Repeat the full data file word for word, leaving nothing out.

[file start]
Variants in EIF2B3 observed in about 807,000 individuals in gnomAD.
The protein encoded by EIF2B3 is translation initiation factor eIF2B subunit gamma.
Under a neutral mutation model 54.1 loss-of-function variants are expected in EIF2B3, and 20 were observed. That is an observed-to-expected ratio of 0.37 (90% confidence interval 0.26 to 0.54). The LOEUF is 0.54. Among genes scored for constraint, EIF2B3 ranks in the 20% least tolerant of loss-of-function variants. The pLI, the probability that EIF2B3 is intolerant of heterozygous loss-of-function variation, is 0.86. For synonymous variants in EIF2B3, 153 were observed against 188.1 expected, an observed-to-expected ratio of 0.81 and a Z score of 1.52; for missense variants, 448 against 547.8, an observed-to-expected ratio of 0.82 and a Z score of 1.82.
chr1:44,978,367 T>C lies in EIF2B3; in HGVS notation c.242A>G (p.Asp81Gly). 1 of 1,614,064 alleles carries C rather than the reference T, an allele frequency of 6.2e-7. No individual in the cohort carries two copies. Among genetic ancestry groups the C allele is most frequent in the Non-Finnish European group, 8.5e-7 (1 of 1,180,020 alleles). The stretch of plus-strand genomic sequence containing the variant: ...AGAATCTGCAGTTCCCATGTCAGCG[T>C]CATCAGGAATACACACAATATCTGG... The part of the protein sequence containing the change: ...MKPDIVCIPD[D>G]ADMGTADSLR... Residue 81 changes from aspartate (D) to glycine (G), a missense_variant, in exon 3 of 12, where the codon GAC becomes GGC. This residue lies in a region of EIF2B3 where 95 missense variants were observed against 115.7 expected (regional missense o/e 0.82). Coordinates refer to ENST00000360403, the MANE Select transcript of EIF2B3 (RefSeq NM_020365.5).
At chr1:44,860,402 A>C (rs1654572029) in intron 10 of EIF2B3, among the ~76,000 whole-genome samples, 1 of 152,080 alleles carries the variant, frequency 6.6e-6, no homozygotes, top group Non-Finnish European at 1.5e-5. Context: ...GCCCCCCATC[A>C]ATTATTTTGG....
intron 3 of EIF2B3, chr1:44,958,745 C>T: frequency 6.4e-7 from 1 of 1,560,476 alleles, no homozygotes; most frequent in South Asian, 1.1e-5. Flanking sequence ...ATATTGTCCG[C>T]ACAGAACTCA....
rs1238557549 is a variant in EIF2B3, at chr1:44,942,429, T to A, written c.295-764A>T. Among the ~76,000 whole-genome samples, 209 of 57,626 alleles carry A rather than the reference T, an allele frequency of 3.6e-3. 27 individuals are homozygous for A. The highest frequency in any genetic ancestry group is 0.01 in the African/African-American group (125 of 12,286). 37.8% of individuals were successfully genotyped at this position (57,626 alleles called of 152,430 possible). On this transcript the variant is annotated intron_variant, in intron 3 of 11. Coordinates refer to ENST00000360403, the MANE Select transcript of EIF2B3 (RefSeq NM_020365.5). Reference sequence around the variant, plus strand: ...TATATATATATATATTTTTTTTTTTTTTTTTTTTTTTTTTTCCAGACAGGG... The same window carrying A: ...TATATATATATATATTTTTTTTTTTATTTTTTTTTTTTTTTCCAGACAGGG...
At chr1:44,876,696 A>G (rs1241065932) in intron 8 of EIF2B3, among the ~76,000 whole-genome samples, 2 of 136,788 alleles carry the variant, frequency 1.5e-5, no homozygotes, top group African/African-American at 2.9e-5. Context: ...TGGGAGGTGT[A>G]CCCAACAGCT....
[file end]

Variants in EIF2B3 observed in about 807,000 individuals in gnomAD.
The protein encoded by EIF2B3 is translation initiation factor eIF2B subunit gamma.
Under a neutral mutation model 54.1 loss-of-function variants are expected in EIF2B3, and 20 were observed. That is an observed-to-expected ratio of 0.37 (90% confidence interval 0.26 to 0.54). The LOEUF is 0.54. Among genes scored for constraint, EIF2B3 ranks in the 20% least tolerant of loss-of-function variants. The pLI, the probability that EIF2B3 is intolerant of heterozygous loss-of-function variation, is 0.86. For synonymous variants in EIF2B3, 153 were observed against 188.1 expected, an observed-to-expected ratio of 0.81 and a Z score of 1.52; for missense variants, 448 against 547.8, an observed-to-expected ratio of 0.82 and a Z score of 1.82.
chr1:44,978,367 T>C lies in EIF2B3; in HGVS notation c.242A>G (p.Asp81Gly). 1 of 1,614,064 alleles carries C rather than the reference T, an allele frequency of 6.2e-7. No individual in the cohort carries two copies. Among genetic ancestry groups the C allele is most frequent in the Non-Finnish European group, 8.5e-7 (1 of 1,180,020 alleles). The stretch of plus-strand genomic sequence containing the variant: ...AGAATCTGCAGTTCCCATGTCAGCG[T>C]CATCAGGAATACACACAATATCTGG... The part of the protein sequence containing the change: ...MKPDIVCIPD[D>G]ADMGTADSLR... Residue 81 changes from aspartate (D) to glycine (G), a missense_variant, in exon 3 of 12, where the codon GAC becomes GGC. This residue lies in a region of EIF2B3 where 95 missense variants were observed against 115.7 expected (regional missense o/e 0.82). Coordinates refer to ENST00000360403, the MANE Select transcript of EIF2B3 (RefSeq NM_020365.5).
At chr1:44,860,402 A>C (rs1654572029) in intron 10 of EIF2B3, among the ~76,000 whole-genome samples, 1 of 152,080 alleles carries the variant, frequency 6.6e-6, no homozygotes, top group Non-Finnish European at 1.5e-5. Context: ...GCCCCCCATC[A>C]ATTATTTTGG....
intron 3 of EIF2B3, chr1:44,958,745 C>T: frequency 6.4e-7 from 1 of 1,560,476 alleles, no homozygotes; most frequent in South Asian, 1.1e-5. Flanking sequence ...ATATTGTCCG[C>T]ACAGAACTCA....
rs1238557549 is a variant in EIF2B3, at chr1:44,942,429, T to A, written c.295-764A>T. Among the ~76,000 whole-genome samples, 209 of 57,626 alleles carry A rather than the reference T, an allele frequency of 3.6e-3. 27 individuals are homozygous for A. The highest frequency in any genetic ancestry group is 0.01 in the African/African-American group (125 of 12,286). 37.8% of individuals were successfully genotyped at this position (57,626 alleles called of 152,430 possible). On this transcript the variant is annotated intron_variant, in intron 3 of 11. Coordinates refer to ENST00000360403, the MANE Select transcript of EIF2B3 (RefSeq NM_020365.5). Reference sequence around the variant, plus strand: ...TATATATATATATATTTTTTTTTTTTTTTTTTTTTTTTTTTCCAGACAGGG... The same window carrying A: ...TATATATATATATATTTTTTTTTTTATTTTTTTTTTTTTTTCCAGACAGGG...
At chr1:44,876,696 A>G (rs1241065932) in intron 8 of EIF2B3, among the ~76,000 whole-genome samples, 2 of 136,788 alleles carry the variant, frequency 1.5e-5, no homozygotes, top group African/African-American at 2.9e-5. Context: ...TGGGAGGTGT[A>G]CCCAACAGCT....